7za is of course the command-line version of 7-Zip, the best archiver on the planet. You will find this version on the download page.

WAUtils will be used in the startup script to find the path of the local storage area that Windows Azure allocated for me. This is where we will install the Ruby interpreter. There is no way to “guess” the path of this area, you need to ask the Azure runtime environment for the information. The source code for WAUtils is laughably simple, I just compiled it in a separate project and copied the executable in my “startup” folder.

namespace WAUtils
{
    class Program
    {
        static void Main(string[] args)
        {
            if (args.Length < 2)
            {
                System.Console.Error.WriteLine("usage: WAUtils [GetLocalResource <resource name>|GetIPAddresses <rolename>]");
                System.Environment.Exit(1);
            }
            switch (args[0])
            {
                case "GetLocalResource":
                    GetLocalResource(args[1]);
                    break;
                case "GetIPAddresses":
                    break;
                default:
                    System.Console.Error.WriteLine("unknown command: " + args[0]);
                    System.Environment.Exit(1);
                    break;
            }
        }
        static void GetLocalResource(string arg)
        {
            LocalResource res = RoleEnvironment.GetLocalResource(arg);
            System.Console.WriteLine(res.RootPath);
        }
    }
}

As you can see, I use the RoleEnvironment.GetLocalResource() method to find the path to my local storage.

Let’s now have a look in my solution’s ServiceDefinition.csdef; this is where I will add this local storage definition, called “Ruby” for which I asked 1 GB.

<LocalResources>
  <LocalStorage name="Ruby" cleanOnRoleRecycle="false" sizeInMB="1024" />
</LocalResources>

I will also add an Input Endpoint, to ask the Windows Azure network infrastructure to expose my loca port 4567 (Sinatra’s default) to the outside world as port 80.

<Endpoints>
  <InputEndpoint name="Ruby" protocol="tcp" port="80" localPort="4567" />
</Endpoints>

I will then add two Startup Tasks:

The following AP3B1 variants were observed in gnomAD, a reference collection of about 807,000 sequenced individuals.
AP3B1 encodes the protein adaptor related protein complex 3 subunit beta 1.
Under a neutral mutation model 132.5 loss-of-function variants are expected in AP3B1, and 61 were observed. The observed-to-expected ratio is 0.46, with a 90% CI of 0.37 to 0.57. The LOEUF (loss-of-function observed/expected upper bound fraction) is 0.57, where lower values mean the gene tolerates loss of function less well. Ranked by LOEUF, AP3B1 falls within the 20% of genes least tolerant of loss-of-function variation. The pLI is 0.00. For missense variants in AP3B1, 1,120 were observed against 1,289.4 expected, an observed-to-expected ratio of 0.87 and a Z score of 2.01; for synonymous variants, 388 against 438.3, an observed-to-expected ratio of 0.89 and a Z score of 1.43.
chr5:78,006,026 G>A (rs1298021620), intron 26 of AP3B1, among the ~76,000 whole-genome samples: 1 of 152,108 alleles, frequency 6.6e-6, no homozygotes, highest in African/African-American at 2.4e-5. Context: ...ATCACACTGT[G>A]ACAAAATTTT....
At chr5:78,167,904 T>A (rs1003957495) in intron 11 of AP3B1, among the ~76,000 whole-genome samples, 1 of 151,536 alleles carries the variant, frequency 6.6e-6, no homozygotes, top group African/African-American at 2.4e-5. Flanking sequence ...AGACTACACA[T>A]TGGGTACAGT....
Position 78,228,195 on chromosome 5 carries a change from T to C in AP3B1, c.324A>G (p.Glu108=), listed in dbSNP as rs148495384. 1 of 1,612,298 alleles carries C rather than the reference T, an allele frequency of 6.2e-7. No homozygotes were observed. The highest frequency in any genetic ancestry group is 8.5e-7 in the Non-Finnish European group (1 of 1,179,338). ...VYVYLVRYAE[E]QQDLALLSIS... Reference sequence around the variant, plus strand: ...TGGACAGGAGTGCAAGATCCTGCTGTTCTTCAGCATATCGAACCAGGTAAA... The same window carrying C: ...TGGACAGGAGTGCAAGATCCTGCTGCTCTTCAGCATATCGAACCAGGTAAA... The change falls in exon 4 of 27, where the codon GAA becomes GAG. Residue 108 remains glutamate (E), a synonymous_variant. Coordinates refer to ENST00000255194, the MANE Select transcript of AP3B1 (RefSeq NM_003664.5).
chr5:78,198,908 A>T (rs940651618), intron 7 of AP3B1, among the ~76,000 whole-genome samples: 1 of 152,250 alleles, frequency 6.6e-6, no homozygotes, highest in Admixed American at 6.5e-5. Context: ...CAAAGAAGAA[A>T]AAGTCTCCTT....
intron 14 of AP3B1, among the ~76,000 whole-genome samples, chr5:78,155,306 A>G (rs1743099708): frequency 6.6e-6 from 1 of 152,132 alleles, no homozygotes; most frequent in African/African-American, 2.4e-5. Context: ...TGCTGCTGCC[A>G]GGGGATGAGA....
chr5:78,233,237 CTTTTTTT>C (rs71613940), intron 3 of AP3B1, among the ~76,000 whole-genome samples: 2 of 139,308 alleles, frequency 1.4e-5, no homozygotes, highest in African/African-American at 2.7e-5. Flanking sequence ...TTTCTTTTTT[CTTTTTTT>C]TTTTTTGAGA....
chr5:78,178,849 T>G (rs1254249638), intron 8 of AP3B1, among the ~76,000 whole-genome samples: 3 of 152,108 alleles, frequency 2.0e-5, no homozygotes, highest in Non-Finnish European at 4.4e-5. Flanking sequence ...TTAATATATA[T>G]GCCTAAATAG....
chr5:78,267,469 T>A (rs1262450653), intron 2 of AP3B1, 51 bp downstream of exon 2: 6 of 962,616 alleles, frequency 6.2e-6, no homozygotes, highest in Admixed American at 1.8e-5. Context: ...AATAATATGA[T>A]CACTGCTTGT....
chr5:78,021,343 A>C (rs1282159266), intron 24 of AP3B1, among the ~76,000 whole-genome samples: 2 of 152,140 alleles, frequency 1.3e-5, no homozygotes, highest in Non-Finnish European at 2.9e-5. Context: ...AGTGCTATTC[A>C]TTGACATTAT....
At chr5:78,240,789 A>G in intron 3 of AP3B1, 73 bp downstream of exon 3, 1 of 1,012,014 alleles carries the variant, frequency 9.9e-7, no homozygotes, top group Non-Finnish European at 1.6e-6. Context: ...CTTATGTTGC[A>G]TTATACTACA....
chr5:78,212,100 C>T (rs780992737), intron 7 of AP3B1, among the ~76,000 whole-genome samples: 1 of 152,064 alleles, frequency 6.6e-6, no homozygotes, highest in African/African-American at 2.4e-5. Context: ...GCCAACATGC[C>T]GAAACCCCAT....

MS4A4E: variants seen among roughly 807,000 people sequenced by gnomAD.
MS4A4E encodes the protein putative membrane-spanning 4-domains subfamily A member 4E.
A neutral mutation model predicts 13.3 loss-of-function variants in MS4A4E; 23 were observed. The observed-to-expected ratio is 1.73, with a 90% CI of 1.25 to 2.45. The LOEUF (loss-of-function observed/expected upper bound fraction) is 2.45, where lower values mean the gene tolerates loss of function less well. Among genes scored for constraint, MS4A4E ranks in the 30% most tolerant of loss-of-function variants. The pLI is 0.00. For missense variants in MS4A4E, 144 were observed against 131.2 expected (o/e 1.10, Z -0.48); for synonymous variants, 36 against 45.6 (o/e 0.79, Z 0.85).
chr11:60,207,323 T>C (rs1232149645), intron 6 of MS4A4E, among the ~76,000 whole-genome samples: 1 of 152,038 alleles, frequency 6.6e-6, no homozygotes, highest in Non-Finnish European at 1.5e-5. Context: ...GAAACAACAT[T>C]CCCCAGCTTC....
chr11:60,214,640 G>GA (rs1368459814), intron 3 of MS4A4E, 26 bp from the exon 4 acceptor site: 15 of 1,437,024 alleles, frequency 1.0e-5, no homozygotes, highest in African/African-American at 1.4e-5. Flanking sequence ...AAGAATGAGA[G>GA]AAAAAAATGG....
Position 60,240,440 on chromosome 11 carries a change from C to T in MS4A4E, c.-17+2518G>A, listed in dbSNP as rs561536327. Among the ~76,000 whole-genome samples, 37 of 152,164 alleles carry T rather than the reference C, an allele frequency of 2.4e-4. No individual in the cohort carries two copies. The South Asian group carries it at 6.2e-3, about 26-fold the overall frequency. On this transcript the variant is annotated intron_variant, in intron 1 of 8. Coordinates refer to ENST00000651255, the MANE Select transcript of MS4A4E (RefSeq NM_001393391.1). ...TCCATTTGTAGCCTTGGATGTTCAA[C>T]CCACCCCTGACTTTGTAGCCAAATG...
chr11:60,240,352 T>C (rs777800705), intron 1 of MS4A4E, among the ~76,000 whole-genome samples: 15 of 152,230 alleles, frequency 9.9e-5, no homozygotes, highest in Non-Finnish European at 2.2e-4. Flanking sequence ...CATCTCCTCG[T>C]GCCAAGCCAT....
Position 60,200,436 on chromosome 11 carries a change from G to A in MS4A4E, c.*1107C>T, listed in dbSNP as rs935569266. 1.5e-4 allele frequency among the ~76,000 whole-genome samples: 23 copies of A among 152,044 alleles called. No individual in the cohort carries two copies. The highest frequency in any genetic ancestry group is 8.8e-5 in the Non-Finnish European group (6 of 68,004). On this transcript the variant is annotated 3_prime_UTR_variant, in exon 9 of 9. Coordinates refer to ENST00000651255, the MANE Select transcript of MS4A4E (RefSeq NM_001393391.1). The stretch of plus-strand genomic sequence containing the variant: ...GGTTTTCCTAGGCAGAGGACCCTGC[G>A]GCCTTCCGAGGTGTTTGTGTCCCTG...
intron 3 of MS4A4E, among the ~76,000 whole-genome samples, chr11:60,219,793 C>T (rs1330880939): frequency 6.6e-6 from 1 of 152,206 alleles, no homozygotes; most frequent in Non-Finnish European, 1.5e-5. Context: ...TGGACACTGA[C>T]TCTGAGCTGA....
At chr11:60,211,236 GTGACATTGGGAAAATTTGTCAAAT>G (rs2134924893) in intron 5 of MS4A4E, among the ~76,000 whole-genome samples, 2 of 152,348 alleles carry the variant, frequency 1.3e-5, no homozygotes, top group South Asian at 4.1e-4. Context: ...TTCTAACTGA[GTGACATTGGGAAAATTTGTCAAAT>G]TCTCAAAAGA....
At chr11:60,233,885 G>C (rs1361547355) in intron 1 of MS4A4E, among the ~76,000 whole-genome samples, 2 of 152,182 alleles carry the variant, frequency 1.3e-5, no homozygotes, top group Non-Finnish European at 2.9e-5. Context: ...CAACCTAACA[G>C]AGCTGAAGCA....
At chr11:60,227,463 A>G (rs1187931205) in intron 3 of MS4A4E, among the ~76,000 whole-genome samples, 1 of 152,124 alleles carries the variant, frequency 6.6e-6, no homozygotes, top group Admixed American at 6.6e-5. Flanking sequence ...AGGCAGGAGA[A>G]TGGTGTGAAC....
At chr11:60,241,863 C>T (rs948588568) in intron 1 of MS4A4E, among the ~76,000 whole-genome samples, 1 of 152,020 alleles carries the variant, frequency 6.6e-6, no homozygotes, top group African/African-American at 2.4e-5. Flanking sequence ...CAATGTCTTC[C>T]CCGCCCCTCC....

<Startup>
  <Task commandLine="startup\installruby.cmd" executionContext="elevated" />
  <Task commandLine="startup\startruby.cmd" taskType="background" />
</Startup>
  • installruby.cmd will execute with Administrator rights (eve if it is not scritcly required in this case… but this is typically what you would use for system configuration tasks)
  • startupruby.cmd will start the Ruby interpreter, will not use Administrator rights (for security reasons), and will run in “background” mode, which means that the Worker Role will not wait for the task completion to finish its startup procedure.

Let’s now see these two scripts!

First, installruby.cmd:

cd %~dp0
for /f %%p in ('WAUtils.exe GetLocalResource Ruby') do set RUBYPATH=%%p
echo y| cacls %RUBYPATH% /grant everyone:f /t
7za x ruby-1.9.2-p180-i386-mingw32.7z -y -o"%RUBYPATH%"
set PATH=%PATH%;%RUBYPATH%\ruby-1.9.2-p180-i386-mingw32\bin
call gem install sinatra haml waz-storage --no-ri --no-rdoc
exit /b 0

Here are the steps:

  • We run WAUtils.exe to find the local storage path, and we save it in a variable called RUBYPATH
  • We use the Windows cacls.exe command to give all right to this directory
  • We extract the 7-Zip archive using 7za, in the RUBYPATH directory
  • We add Ruby’s “bin” sub-directory to the system PATH
  • Finally, we use the “gem” command to dynamically download the Ruby libraries we need

Now, startupruby.cmd that will run my application:

for /f %%p in ('startup\WAUtils.exe GetLocalResource Ruby') do set RUBYPATH=%%p
set PATH=%PATH%;%RUBYPATH%\ruby-1.9.2-p180-i386-mingw32\bin
ruby test.rb

That’s it, I hope these guidelines will help you re-create your own Ruby service in Windows Azure!

And thanks to my colleague Steve Marx for inspiration & guidance :-)